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Training tomorrow's low-wage workforce

EduShyster, who blogs about corporate education reform out of Massachusetts, had an amusing post this week describing how the Walmart-funded reform movement is designed to create future Walmart workers.

At least, it seemed amusing until I started reading up on Carpe Diem, the latest charter school company laying claim to Indiana tax dollars. A real estate deal cleverly wrapped up in a charter school, this school has the added bonus of training the next generation of call center employees.

Don't believe me? Check out this story and photo from the Hechinger Report.

"Professor Michael Barbour, of Wayne State University in Detroit, says that Carpe Diem's online curriculum is specifically designed to get kids to do well on standardized tests and graduate from high school, which it does well, but that it falls short on fostering critical thinking skills.

"The nature of the curriculum and the way in which they try and provide support to the student, it's designed to get these students through the system," says Barbour. "It's designed to achieve that false belief that no child should be left behind."

Aside from its very troubling resemblance to a call center in Bangalore, a Carpe Diem school offers nothing to foster a well-rounded student. There is no gymnasium, library, art studio, theater or even a cafeteria.

Who would want to send their children or grandchildren to such a school? Certainly not the wealthy corporate reform supporters like the Walton heirs and Bill Gates. Same with the politicians and the bureaucrats beholden to them for their six-figure salaries.

But they are perfectly happy to consign a poor Hispanic family in Yuma, Ariz., or Indianapolis to such a school. The benefits are practically endless: The cost of educating poor children is driven down, leaving more money for vouchers for upper-middle class parents who would have sent their children to private schools even without government support.

Then there's the benefit of discouraging union participation – always a good thing if you operate a Walmart. Then there are the handsome campaign contributions that flow from the anti-union forces and the education industry entrepreneurs eager to sell you a standardized test or the latest computer program to teach p.e.

Then there's the real estate deal – with bonus points if it can be sealed with a company operated by the father of a high-ranking state official.

And, yes, EduShyster is right: There's the benefit of instilling certain work habits in large numbers of low-income kids – showing up on time, working independently, sitting long hours in front of a computer, performing tasks for rewards while expecting few benefits or amenities.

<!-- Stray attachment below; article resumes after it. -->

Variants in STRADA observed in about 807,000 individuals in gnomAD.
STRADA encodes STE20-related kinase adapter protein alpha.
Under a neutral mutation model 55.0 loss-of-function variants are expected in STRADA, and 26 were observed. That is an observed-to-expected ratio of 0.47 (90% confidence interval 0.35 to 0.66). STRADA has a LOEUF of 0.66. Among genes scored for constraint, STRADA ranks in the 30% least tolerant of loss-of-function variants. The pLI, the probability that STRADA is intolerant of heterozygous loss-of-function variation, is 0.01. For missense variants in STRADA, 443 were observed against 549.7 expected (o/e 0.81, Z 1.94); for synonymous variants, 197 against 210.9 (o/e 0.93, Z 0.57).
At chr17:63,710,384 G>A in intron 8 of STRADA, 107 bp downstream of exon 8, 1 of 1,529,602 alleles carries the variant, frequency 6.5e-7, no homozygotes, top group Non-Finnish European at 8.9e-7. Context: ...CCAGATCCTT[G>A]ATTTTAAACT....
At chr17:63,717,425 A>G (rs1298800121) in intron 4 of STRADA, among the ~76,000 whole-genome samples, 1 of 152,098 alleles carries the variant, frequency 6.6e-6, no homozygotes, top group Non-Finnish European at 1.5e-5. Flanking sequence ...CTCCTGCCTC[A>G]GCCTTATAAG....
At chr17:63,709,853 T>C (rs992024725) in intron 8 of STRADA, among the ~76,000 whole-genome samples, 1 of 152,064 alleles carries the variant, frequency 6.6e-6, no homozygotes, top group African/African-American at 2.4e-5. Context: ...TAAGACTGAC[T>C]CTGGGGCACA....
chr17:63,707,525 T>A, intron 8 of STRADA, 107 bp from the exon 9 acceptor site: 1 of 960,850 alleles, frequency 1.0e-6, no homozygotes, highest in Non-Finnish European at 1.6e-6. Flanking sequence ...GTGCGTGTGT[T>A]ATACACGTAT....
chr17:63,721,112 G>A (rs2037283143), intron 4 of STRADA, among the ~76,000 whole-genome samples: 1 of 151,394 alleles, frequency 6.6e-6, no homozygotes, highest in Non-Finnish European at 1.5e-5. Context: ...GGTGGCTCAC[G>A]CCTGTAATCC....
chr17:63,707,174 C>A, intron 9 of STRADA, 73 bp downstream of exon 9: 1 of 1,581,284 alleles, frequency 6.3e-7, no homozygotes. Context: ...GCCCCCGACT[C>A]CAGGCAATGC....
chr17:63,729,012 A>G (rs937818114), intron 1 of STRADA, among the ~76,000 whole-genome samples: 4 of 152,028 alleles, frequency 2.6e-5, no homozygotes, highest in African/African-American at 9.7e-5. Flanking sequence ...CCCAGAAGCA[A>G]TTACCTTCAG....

How does it inspire children to study and explore worlds and ideas outside of their own? How does it even encourage the critical thinking skills most employers call for?

It doesn't, but those can be met with the children and grandchildren of those who support a Carpe Diem model.

Granted, there are students who aren't well-served by the traditional high school model. They have physical, emotional or family issues that can make it painful to be in such a school. But traditional school districts, given adequate resources, are serving those students now. In Fort Wayne Community Schools, Marc Outlaw at the Youth Life Skills program has been doing that work for many years, serving not just FWCS students, but kids from suburban districts that don't fit in at their home schools.

The Carpe Diem model, however, is based on volume, not on serving a small, specialized group. The more low-income students Carpe Diem can draw, the more it can drive down per-student operating costs. That's good for the bottom line, but it's bad for children and it's bad for our state's long-term economic, cultural and civic prospects.

Here's a question for Indiana policymakers and lawmakers, including Gov. Mike Pence: Would you send your child to Carpe Diem?

Karen Francisco, editorial page editor for The Journal Gazette, has been an Indiana journalist since 1981. She writes frequently about education for The Journal Gazette opinion pages and here, where she looks at the business, politics and science of learning as it relates to northeast Indiana, the state and the nation. She can be reached at 260-461-8206 or by e-mail at